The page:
On a happier note, the Lord’s invitation to serve and worship him is universal: “Make a joyful noise unto the Lord, all ye lands. Serve the Lord with gladness: come before his presence with singing” (Psalm 100:1–2). All lands and all people were invited to be the Lord’s servants and to come before his presence in his holy house to worship and praise. “Bowing down” and “serving” the Lord in the context of temple worship is a commandment, but it is also an expression of love and gratitude for our redemption. In ritual action we express and enact the relationship with God so that we can go forward to live out that relationship the rest of our lives.
As we have seen, both ḥwh and ‘āb̠aḏ are consistently used in formal worship at the temple and help us understand temple worship with the enactment of a relationship of humility and submission in “bowing down” and of faithful obedience in “serving.” But worship is more than just the external, formal requirements of ordinances, although it does include them. The Savior reminded the religious leaders of his day that the diligent performance of externals alone would not suffice: “Ye pay tithe of mint and anise and cummin, and have omitted the weightier matters of the law, judgment, mercy, and faith: these ought ye to have done, and not to leave the other undone” (Matthew 23:23).
It is important, however, that Christ notes we are “not to leave the other undone.” Formal religious behavior alone will not save us without a change of nature, but it is essential to the process of becoming changed. In the ritual action that reflects a relationship of obedience and submission, we learn about our true relationship with God. The world would have us believe that being in this relationship is demeaning and limiting, that we are free only when we are not bound by covenant obligations to serve and obey. The scriptures and the ordinances teach us instead that through taking on covenant obligations to serve and obey God, we are redeemed and brought back into his presence. The more often we have that reinforcing message and experience, the stronger we can stand against the siren call of autonomy, individualism, and finally rebellion against God as a way of asserting ourselves and finding ourselves.
Thus the repetition of embodiment of our real and saving relationship with God, in our worship services and temple worship, becomes as critical for us as it was for ancient Israel to ritually “bow down” and “serve” in the Old Testament temples. In the ritual process of submitting our will to God through temple service, we can let our spirits and minds be changed and more truly learn what it means to worship not only in ritual context but also in a life of obedience and covenant faithfulness.
The term “to serve Yahweh” ([‘bd] yhwh) is found fifty-six times in the Old Testament, each instance “referring to worship, cultic service or faithfully keeping his covenant as his people.”  In the Old Testament, “serve” (‘āb̠aḏ) means formal ritual worship of Jehovah or other gods, but it can also have “an extended meaning . . . in the sense of ‘venerate,’ ‘follow.’”  Thus “serving” the Lord can mean both ritual worship practices and also a life of faithfulness and loyalty—living as a faithful servant. It is to this broader sense of “bowing down” and “serving” that we now turn.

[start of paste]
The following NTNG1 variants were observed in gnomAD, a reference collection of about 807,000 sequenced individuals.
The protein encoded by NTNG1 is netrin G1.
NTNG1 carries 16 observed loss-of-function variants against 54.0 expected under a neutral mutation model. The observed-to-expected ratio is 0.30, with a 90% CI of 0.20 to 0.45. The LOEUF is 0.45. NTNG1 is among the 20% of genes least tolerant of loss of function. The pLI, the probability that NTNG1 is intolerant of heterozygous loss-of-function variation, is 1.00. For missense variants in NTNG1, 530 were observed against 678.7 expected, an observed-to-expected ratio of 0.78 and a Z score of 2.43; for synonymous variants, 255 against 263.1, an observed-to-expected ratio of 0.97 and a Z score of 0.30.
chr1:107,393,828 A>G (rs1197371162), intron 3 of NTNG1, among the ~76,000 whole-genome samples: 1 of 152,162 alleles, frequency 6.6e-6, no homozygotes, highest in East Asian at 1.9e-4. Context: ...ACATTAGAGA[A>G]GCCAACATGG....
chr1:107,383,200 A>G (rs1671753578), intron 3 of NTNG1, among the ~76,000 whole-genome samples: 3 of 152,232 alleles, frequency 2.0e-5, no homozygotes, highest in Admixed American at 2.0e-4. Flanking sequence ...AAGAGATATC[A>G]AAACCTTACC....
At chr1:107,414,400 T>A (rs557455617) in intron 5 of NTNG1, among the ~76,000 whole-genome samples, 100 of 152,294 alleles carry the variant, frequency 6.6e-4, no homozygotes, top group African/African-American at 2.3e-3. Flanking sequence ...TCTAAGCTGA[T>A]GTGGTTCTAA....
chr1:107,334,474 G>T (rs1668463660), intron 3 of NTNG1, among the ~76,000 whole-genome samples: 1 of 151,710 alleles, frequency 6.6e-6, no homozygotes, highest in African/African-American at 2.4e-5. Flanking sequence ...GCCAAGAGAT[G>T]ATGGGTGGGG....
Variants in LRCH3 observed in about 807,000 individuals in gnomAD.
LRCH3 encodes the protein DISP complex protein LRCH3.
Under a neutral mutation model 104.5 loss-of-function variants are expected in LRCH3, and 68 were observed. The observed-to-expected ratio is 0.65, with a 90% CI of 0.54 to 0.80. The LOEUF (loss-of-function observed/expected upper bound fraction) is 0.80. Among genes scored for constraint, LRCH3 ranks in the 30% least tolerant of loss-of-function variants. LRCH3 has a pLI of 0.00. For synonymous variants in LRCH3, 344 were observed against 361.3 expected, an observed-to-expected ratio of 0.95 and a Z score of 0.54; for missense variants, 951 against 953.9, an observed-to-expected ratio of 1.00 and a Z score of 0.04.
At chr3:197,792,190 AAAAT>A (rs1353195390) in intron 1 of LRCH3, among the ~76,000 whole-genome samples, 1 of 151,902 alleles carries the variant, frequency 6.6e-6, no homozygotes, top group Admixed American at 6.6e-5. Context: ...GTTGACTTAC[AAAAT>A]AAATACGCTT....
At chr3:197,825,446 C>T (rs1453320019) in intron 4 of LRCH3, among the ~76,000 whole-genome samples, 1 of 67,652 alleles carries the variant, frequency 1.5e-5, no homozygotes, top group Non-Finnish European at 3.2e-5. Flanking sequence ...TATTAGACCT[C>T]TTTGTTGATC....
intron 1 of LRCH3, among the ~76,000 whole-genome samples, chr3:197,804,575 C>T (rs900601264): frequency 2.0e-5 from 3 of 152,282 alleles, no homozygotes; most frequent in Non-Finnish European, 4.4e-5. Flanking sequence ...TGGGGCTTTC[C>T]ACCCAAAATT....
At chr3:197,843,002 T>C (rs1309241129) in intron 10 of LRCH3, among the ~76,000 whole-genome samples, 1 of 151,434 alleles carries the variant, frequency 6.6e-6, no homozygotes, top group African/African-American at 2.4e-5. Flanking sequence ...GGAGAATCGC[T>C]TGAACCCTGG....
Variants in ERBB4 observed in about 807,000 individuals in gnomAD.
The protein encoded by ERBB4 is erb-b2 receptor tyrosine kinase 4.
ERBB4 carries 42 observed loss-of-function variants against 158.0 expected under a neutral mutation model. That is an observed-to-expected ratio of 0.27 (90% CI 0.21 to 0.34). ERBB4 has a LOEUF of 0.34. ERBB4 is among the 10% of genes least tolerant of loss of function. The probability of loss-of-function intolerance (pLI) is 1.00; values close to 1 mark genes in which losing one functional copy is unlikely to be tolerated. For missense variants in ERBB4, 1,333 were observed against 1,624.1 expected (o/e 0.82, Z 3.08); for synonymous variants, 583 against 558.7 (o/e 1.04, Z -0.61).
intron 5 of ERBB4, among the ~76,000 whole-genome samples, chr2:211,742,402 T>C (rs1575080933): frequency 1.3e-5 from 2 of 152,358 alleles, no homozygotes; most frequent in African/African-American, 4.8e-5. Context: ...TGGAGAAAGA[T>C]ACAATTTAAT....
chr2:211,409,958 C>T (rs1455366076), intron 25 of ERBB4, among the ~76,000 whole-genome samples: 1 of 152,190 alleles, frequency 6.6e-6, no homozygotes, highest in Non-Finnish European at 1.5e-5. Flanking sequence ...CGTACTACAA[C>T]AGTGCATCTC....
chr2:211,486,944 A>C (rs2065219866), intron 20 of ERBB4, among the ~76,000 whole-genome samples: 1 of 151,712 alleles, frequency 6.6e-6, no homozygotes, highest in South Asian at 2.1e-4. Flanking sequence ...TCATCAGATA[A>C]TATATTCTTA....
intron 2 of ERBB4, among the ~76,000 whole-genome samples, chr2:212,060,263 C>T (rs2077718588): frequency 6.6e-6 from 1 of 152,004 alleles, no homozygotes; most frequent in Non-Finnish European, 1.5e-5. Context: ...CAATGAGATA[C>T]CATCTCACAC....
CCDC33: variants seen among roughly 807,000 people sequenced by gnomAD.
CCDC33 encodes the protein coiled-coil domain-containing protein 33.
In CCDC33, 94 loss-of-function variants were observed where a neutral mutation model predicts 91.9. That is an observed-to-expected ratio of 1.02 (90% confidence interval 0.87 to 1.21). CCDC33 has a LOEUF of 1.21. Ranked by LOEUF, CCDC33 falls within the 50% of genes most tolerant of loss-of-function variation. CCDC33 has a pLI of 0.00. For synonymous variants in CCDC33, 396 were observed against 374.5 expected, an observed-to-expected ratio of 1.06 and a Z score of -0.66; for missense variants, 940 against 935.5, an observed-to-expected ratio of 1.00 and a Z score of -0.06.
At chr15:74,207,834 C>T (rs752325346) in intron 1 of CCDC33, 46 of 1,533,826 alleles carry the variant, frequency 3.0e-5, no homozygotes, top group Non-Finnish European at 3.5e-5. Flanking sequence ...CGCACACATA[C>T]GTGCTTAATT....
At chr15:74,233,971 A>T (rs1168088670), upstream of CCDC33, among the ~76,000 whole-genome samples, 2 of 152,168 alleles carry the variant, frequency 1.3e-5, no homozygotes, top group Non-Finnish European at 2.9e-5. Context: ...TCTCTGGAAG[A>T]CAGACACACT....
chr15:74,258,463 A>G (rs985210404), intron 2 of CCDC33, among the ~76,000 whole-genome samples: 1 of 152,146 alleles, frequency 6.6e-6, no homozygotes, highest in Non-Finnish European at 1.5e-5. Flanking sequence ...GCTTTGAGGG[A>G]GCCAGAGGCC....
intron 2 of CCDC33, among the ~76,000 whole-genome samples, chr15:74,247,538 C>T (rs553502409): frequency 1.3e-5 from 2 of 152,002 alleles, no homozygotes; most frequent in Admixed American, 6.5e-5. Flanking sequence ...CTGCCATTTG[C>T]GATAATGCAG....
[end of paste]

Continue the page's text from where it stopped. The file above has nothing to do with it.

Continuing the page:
The Old Testament teaches us that serving the Lord is not just formal worship, although it does include that. Many passages including “bow down” and “serve” illustrate how worship is a life of faithfulness and obedience. In Deuteronomy in particular, the joint usage of the Hebrew verbs ḥwh and ‘āb̠aḏ together show that “what is forbidden is not only the cultic worship of other gods, but a way of life that departs in general from that of the people of Yahweh.”  The Israelites are warned, “Thou shalt fear the Lord thy God, and serve him, and shalt swear by his name. Ye shall not go after other gods, of the gods of the people which are round about you” (Deuteronomy 6:13–14). They are taught, “Ye shall walk after the Lord your God, and fear him, and keep his commandments, and obey his voice, and ye shall serve him, and cleave unto him” (Deuteronomy 13:4). Ringgren insightfully observes that serving (‘āb̠aḏ) the Lord throughout Deuteronomy “far transcends any specifically cultic context. Thus we read in [Deuteronomy] 6:13: ‘Yahweh your God you shall fear; him you shall serve, and by his name alone you shall swear.’ . . . Hence here the correct posture toward Yahweh is circumscribed . . . and the issue is thus faithfully to worship Yahweh alone. . . . This is thus a religious and ethical disposition encompassing a person’s entire life, one coming to an expression especially in the obedient keeping of the commandments.”  It is significant that Ringgren uses the language of embodiment, explaining that in the command to serve only God “the correct posture toward Yahweh is circumscribed.”
When we live out a covenant relationship with God, it requires a whole-souled and embodied acceptance of our relationship as his servants, to live our lives for him—spirit and body. Embracing that covenant relationship of being the Lord’s servant is a full reshaping of ourselves—our minds and bodies oriented to his worship and his service. “And now, Israel, what doth the Lord thy God require of thee, but to fear the Lord thy God, to walk in all his ways, and to love him, and to serve the Lord thy God with all thy heart and with all thy soul” (Deuteronomy 10:12).